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Mn oxide coated catalytic membranes for a hybrid ozonation–membrane filtration: Comparison of Ti, Fe and Mn oxide coated membranes for water quality
- Byun, S., Davies, S.H., Alpatova, A.L., Corneal, L.M., Baumann, M.J., Tarabara, V.V., Masten, S.J.
- Water research 2011 v.45 no.1 pp. 163-170
- carbon, ceramics, coatings, haloacetic acids, hybrids, iron, iron oxides, lakes, manganese, manganese oxides, nanoparticles, organic matter, ozone, titanium, ultrafiltration, water quality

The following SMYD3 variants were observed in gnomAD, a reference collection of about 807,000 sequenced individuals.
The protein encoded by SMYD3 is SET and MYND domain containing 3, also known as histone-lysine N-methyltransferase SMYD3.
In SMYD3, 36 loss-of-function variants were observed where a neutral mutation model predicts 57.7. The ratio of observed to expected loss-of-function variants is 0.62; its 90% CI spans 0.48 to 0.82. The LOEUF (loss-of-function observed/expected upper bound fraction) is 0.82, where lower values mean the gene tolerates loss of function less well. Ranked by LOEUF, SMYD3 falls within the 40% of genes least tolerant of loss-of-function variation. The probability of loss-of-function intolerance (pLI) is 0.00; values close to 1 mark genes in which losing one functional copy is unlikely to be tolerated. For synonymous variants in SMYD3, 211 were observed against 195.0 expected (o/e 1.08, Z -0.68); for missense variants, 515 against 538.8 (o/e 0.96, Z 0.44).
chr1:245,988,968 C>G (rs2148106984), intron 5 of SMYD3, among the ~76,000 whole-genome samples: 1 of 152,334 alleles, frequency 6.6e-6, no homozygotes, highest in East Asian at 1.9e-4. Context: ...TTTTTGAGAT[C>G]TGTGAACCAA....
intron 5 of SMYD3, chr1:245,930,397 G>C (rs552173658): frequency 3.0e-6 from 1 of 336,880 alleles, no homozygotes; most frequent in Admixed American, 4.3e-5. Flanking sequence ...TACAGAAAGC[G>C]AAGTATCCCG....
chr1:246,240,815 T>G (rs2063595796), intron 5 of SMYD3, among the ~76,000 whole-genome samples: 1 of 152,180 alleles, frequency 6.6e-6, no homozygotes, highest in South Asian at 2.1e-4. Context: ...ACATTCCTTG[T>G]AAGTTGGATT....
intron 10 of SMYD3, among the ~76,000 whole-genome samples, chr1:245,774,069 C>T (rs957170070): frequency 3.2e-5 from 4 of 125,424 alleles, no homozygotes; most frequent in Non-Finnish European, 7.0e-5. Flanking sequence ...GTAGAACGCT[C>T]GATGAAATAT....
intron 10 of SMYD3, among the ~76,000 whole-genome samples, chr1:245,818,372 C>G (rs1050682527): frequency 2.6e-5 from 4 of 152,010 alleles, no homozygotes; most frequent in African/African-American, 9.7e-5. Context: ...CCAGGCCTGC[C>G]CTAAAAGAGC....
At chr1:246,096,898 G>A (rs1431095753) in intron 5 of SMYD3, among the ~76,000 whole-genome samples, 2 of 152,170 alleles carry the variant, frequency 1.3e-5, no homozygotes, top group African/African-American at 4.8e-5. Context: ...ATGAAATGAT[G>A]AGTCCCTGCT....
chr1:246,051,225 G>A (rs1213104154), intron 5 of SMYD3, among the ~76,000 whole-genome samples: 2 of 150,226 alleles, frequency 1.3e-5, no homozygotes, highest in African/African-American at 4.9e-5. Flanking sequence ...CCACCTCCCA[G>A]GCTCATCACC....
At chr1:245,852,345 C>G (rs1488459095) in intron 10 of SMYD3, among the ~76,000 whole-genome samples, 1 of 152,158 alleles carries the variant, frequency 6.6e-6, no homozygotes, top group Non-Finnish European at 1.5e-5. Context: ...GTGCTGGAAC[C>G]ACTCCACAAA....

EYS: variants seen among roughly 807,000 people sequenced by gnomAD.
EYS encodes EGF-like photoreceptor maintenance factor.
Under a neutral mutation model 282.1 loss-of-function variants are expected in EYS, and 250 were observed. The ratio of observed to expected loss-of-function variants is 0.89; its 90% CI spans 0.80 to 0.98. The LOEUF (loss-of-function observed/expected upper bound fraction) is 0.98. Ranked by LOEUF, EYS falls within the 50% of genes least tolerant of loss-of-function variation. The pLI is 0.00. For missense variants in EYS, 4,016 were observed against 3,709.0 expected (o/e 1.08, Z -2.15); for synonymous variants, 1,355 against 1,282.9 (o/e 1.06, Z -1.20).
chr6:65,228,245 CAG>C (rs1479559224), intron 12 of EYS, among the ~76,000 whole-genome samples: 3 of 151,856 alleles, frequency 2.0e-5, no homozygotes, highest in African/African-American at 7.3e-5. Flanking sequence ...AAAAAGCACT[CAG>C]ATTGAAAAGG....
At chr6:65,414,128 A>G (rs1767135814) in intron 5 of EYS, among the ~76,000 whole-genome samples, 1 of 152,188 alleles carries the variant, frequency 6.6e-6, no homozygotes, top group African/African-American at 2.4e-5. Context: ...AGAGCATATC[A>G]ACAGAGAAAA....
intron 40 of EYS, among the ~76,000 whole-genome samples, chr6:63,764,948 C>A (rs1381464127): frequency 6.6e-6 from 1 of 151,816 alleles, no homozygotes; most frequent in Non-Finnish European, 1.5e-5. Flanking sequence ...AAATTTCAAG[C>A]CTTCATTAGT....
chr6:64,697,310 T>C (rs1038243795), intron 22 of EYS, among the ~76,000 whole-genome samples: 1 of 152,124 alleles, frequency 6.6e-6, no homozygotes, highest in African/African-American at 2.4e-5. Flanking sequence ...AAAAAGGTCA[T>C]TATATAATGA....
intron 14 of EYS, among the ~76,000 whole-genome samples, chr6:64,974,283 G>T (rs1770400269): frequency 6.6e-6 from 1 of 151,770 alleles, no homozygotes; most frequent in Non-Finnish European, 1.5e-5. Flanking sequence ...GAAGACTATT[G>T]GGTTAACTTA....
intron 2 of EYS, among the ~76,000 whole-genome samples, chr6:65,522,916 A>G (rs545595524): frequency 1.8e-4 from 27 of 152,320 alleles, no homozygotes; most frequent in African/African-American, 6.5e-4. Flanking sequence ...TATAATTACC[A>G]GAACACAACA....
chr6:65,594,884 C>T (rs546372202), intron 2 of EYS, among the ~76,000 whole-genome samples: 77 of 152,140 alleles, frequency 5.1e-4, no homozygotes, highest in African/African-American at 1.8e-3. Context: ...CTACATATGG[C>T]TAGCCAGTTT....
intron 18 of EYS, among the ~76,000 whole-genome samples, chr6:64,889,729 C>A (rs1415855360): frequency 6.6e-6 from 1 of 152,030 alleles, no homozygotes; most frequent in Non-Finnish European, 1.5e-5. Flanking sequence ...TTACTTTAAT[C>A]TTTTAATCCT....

- In this study the performance of catalytic membranes in a hybrid ozonation–ceramic membrane filtration system was investigated. The catalytic membranes were produced by coating commercial ceramic ultrafiltration membranes with manganese or iron oxide nanoparticles using a layer-by-layer self-assembly technique. A commercial membrane with a titanium oxide filtration layer was also evaluated. The performance of the coated and uncoated membranes was evaluated using water from a borderline eutrophic lake. The permeate flux and removal of the organic matter was found to depend on the type of the metal oxide present on the membrane surface. The performance of the manganese oxide coated membrane was superior to that of the other membranes tested, showing the fastest recovery in permeate flux when ozone was applied and the greatest reduction in the total organic carbon (TOC) in the permeate. The removal of trihalomethanes (THMs) and haloacetic acids (HAAs) precursors using the membrane coated 20 times with manganese oxide nanoparticles was significantly better than that for the membranes coated with 30 or 40 times with manganese oxide nanoparticles or 40 times with iron oxide nanoparticles.